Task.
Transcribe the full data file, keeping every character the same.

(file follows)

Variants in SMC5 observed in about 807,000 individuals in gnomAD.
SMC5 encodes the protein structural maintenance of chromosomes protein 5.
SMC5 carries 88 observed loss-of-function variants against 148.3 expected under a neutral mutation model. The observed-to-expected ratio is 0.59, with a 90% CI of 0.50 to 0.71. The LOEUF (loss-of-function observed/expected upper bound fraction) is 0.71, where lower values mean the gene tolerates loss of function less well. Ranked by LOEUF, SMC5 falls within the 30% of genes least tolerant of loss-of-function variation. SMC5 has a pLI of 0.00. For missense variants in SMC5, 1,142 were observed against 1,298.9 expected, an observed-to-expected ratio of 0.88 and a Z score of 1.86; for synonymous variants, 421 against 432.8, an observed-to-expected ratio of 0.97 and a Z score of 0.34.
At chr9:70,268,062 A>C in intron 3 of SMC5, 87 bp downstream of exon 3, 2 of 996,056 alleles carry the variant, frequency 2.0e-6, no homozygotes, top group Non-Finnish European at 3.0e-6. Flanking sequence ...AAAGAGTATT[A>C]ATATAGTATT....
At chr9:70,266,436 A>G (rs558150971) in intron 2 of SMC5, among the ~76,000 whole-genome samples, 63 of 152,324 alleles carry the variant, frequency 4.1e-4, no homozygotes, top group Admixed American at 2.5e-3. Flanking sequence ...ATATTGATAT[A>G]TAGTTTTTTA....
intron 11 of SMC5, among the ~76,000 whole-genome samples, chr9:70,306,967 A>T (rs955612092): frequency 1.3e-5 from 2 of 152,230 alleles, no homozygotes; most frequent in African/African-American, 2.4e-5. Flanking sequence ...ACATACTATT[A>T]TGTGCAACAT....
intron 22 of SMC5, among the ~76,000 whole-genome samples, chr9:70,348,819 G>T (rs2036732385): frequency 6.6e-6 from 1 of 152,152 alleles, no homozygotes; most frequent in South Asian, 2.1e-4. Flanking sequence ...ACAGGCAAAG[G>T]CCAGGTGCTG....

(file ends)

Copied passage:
Variants in SMC5 observed in about 807,000 individuals in gnomAD.
SMC5 encodes the protein structural maintenance of chromosomes protein 5.
SMC5 carries 88 observed loss-of-function variants against 148.3 expected under a neutral mutation model. The observed-to-expected ratio is 0.59, with a 90% CI of 0.50 to 0.71. The LOEUF (loss-of-function observed/expected upper bound fraction) is 0.71, where lower values mean the gene tolerates loss of function less well. Ranked by LOEUF, SMC5 falls within the 30% of genes least tolerant of loss-of-function variation. SMC5 has a pLI of 0.00. For missense variants in SMC5, 1,142 were observed against 1,298.9 expected, an observed-to-expected ratio of 0.88 and a Z score of 1.86; for synonymous variants, 421 against 432.8, an observed-to-expected ratio of 0.97 and a Z score of 0.34.
At chr9:70,268,062 A>C in intron 3 of SMC5, 87 bp downstream of exon 3, 2 of 996,056 alleles carry the variant, frequency 2.0e-6, no homozygotes, top group Non-Finnish European at 3.0e-6. Flanking sequence ...AAAGAGTATT[A>C]ATATAGTATT....
At chr9:70,266,436 A>G (rs558150971) in intron 2 of SMC5, among the ~76,000 whole-genome samples, 63 of 152,324 alleles carry the variant, frequency 4.1e-4, no homozygotes, top group Admixed American at 2.5e-3. Flanking sequence ...ATATTGATAT[A>G]TAGTTTTTTA....
intron 11 of SMC5, among the ~76,000 whole-genome samples, chr9:70,306,967 A>T (rs955612092): frequency 1.3e-5 from 2 of 152,230 alleles, no homozygotes; most frequent in African/African-American, 2.4e-5. Flanking sequence ...ACATACTATT[A>T]TGTGCAACAT....
intron 22 of SMC5, among the ~76,000 whole-genome samples, chr9:70,348,819 G>T (rs2036732385): frequency 6.6e-6 from 1 of 152,152 alleles, no homozygotes; most frequent in South Asian, 2.1e-4. Flanking sequence ...ACAGGCAAAG[G>T]CCAGGTGCTG....